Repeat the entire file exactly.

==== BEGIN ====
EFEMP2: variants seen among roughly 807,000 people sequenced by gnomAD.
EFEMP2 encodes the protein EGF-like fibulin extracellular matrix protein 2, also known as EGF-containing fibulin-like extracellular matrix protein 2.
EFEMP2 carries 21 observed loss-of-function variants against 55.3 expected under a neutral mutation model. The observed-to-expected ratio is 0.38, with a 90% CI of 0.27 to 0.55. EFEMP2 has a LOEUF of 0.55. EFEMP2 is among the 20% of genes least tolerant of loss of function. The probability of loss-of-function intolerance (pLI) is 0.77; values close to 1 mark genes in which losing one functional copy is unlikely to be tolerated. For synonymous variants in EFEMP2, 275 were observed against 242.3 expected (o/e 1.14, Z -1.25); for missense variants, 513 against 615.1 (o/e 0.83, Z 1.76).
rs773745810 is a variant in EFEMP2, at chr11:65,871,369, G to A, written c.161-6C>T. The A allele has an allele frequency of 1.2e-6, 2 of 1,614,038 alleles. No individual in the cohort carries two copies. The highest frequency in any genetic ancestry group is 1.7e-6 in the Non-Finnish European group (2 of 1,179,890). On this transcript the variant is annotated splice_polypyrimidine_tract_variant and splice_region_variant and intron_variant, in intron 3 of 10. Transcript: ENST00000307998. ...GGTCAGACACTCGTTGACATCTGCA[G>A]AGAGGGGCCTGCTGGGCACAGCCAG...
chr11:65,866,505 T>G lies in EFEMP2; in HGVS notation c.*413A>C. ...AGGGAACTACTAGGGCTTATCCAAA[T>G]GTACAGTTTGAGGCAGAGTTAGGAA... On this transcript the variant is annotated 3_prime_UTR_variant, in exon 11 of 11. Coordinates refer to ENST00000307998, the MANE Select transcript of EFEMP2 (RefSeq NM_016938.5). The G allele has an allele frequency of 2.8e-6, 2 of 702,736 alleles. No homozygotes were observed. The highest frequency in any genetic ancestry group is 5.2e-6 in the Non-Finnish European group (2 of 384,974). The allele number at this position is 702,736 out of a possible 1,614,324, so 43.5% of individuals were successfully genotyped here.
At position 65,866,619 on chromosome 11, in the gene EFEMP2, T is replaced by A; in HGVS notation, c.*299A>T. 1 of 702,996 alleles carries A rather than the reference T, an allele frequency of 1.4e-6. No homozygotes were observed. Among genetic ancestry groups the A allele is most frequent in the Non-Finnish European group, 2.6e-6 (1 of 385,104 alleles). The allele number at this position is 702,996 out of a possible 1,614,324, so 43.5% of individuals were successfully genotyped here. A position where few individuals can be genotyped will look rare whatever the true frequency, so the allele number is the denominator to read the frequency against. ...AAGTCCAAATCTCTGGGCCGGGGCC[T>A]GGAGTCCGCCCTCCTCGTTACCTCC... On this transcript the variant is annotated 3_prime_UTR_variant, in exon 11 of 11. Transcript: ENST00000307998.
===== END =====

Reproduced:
EFEMP2: variants seen among roughly 807,000 people sequenced by gnomAD.
EFEMP2 encodes the protein EGF-like fibulin extracellular matrix protein 2, also known as EGF-containing fibulin-like extracellular matrix protein 2.
EFEMP2 carries 21 observed loss-of-function variants against 55.3 expected under a neutral mutation model. The observed-to-expected ratio is 0.38, with a 90% CI of 0.27 to 0.55. EFEMP2 has a LOEUF of 0.55. EFEMP2 is among the 20% of genes least tolerant of loss of function. The probability of loss-of-function intolerance (pLI) is 0.77; values close to 1 mark genes in which losing one functional copy is unlikely to be tolerated. For synonymous variants in EFEMP2, 275 were observed against 242.3 expected (o/e 1.14, Z -1.25); for missense variants, 513 against 615.1 (o/e 0.83, Z 1.76).
rs773745810 is a variant in EFEMP2, at chr11:65,871,369, G to A, written c.161-6C>T. The A allele has an allele frequency of 1.2e-6, 2 of 1,614,038 alleles. No individual in the cohort carries two copies. The highest frequency in any genetic ancestry group is 1.7e-6 in the Non-Finnish European group (2 of 1,179,890). On this transcript the variant is annotated splice_polypyrimidine_tract_variant and splice_region_variant and intron_variant, in intron 3 of 10. Transcript: ENST00000307998. ...GGTCAGACACTCGTTGACATCTGCA[G>A]AGAGGGGCCTGCTGGGCACAGCCAG...
chr11:65,866,505 T>G lies in EFEMP2; in HGVS notation c.*413A>C. ...AGGGAACTACTAGGGCTTATCCAAA[T>G]GTACAGTTTGAGGCAGAGTTAGGAA... On this transcript the variant is annotated 3_prime_UTR_variant, in exon 11 of 11. Coordinates refer to ENST00000307998, the MANE Select transcript of EFEMP2 (RefSeq NM_016938.5). The G allele has an allele frequency of 2.8e-6, 2 of 702,736 alleles. No homozygotes were observed. The highest frequency in any genetic ancestry group is 5.2e-6 in the Non-Finnish European group (2 of 384,974). The allele number at this position is 702,736 out of a possible 1,614,324, so 43.5% of individuals were successfully genotyped here.
At position 65,866,619 on chromosome 11, in the gene EFEMP2, T is replaced by A; in HGVS notation, c.*299A>T. 1 of 702,996 alleles carries A rather than the reference T, an allele frequency of 1.4e-6. No homozygotes were observed. Among genetic ancestry groups the A allele is most frequent in the Non-Finnish European group, 2.6e-6 (1 of 385,104 alleles). The allele number at this position is 702,996 out of a possible 1,614,324, so 43.5% of individuals were successfully genotyped here. A position where few individuals can be genotyped will look rare whatever the true frequency, so the allele number is the denominator to read the frequency against. ...AAGTCCAAATCTCTGGGCCGGGGCC[T>A]GGAGTCCGCCCTCCTCGTTACCTCC... On this transcript the variant is annotated 3_prime_UTR_variant, in exon 11 of 11. Transcript: ENST00000307998.